Another potential problem with Benny’s more mature movie watching is the language. Some people might not consider the movies we watch appropriate for three year old Benny. We don’t watch anything violent or scary, but so far we haven’t censored films in terms of there “adult” language. I once wrote a blog about Benny seeing a poster for “A Squid and A Whale” and calling out “Fuck, fuck, fuck” as he remembered the scene in the movie where Jeff Bridges plays ping-pong – rather badly.

The language “problem” has not gone away since then. Although, these days I’m seeing it less as a problem and more as noteworthy stage in Benny’s language development. And a pretty funny one at that.

The other night, while staying with my in-laws, we all watched the movie, “Venus.” In one scene, Peter O’Toole is cutting the toenails of his old friend, only to have one rogue toenail ping off and disappear into the abyss of the living room carpet. O’Toole then scrabbles on the ground saying, “Where’s the little f**ker gone?”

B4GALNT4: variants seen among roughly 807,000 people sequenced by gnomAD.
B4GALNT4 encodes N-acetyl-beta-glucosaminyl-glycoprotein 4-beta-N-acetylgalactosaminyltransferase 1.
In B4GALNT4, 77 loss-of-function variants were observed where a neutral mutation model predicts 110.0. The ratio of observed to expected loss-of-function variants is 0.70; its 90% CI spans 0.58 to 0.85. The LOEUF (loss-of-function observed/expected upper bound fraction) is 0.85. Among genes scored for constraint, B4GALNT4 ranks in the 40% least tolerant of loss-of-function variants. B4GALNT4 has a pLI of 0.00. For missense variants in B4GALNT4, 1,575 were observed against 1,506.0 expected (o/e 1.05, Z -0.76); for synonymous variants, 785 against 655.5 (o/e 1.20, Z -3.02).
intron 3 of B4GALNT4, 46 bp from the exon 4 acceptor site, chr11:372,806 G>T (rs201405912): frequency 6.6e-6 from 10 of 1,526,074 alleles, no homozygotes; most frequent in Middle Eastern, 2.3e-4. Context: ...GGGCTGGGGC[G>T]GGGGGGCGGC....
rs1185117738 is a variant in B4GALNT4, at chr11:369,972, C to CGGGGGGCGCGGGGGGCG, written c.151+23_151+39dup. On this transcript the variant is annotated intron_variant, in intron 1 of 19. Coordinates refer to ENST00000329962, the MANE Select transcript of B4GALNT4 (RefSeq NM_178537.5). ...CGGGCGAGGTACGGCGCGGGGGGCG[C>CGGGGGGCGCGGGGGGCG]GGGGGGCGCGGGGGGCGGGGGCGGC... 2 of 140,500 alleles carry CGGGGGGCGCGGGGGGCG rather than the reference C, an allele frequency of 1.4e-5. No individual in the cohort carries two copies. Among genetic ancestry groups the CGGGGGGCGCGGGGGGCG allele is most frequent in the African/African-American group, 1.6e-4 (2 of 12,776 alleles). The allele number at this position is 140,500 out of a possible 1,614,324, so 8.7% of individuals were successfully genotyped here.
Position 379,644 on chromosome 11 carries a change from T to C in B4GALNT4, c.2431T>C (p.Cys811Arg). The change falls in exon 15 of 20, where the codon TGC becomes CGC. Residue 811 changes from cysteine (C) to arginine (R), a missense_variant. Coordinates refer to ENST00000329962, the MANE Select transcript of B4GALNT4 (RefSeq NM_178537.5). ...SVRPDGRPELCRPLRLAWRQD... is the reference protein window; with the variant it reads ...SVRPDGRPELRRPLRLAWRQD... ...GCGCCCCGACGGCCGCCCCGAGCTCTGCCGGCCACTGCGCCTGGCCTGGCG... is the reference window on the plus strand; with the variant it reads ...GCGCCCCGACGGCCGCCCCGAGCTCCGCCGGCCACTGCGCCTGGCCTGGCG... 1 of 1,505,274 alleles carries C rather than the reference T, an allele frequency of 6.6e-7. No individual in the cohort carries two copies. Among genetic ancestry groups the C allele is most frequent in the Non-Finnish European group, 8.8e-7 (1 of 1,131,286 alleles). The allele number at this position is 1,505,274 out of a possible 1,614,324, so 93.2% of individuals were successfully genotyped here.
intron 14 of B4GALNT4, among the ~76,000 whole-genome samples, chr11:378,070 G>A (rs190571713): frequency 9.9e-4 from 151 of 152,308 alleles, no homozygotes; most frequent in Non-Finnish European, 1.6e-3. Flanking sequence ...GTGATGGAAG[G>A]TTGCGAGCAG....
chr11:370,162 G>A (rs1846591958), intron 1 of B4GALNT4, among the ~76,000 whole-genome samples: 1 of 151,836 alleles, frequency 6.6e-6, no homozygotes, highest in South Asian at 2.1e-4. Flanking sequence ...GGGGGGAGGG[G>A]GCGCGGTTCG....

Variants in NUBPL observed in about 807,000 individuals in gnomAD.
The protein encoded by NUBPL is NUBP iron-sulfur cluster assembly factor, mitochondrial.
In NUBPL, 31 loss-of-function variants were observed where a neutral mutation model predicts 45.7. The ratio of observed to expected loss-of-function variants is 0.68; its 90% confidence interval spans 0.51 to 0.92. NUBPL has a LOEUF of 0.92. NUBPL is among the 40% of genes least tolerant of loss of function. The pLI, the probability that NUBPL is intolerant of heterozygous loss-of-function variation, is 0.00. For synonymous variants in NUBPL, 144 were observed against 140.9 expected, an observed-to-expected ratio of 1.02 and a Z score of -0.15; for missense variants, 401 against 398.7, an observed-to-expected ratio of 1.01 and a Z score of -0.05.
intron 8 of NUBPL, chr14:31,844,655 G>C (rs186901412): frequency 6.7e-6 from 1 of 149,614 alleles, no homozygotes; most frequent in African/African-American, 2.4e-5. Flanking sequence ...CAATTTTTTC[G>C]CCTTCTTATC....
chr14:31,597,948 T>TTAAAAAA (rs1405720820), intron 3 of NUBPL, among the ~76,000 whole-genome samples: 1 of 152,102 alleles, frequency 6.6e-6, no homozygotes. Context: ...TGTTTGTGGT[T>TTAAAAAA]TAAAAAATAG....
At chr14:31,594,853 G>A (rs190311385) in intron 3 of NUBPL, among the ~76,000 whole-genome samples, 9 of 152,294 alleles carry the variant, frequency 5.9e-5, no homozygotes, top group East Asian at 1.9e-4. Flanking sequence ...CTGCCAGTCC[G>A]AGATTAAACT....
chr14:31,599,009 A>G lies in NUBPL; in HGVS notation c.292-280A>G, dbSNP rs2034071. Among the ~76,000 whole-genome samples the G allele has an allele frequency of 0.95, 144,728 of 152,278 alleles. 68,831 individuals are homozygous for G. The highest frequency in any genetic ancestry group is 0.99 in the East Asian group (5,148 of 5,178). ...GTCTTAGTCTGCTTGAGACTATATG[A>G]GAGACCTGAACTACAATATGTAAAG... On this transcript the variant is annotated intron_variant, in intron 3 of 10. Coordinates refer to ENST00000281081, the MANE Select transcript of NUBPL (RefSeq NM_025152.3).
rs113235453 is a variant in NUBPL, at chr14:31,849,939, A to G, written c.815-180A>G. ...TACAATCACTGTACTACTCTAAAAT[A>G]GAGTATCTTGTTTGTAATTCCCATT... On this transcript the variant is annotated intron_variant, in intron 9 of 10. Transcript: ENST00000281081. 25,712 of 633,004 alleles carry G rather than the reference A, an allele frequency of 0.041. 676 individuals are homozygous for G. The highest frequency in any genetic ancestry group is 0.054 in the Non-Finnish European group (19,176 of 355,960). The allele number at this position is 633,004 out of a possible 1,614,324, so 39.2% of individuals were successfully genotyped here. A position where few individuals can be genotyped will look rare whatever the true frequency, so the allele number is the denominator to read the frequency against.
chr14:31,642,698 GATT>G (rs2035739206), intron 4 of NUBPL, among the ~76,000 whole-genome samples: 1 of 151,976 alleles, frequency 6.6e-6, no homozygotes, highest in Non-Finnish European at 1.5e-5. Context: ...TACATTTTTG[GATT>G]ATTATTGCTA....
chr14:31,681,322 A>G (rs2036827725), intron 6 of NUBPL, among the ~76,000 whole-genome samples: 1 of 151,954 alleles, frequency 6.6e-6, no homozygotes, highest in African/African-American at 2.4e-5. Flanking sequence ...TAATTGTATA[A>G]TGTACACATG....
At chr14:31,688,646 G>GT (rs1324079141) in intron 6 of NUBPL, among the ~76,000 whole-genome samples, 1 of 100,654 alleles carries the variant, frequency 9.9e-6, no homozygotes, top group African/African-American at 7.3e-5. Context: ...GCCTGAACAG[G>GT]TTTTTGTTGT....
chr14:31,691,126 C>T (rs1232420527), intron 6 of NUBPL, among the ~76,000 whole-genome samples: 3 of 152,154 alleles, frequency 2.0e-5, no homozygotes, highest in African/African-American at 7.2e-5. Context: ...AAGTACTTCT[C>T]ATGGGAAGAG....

We all laughed at the scene. Benny too. But that, it seemed, was that.

But, lo and behold, the next day, we realized that wasn’t that. Brad, Benny and I were traveling back to New York and stopped off at our favorite little café/pub in small town Harrisonburg. During lunch, Benny managed to drop a tater-tot on the floor and before even blinking he shouted out, “Where’s the little f**ker gone?”

Now, perhaps I should be ashamed. Or at least a little worried. After all, does is this a bad sign of things to come? Will Benny become the notorious potty-mouth child that every kid and parent in the park talks about in hushed, shaking-head whispers?

Maybe. But you know what? I’m not ashamed or worried. I’m proud. Proud that my little minx has learnt to swear in the correct context. Not only that he did it in an endearing and rather amusing British accent.

It was a precious parenting moment.

To find out more about our fabulous first time novelist Joanne Rendell, visit her blog at http://www.joannerendell.blogspot.com/.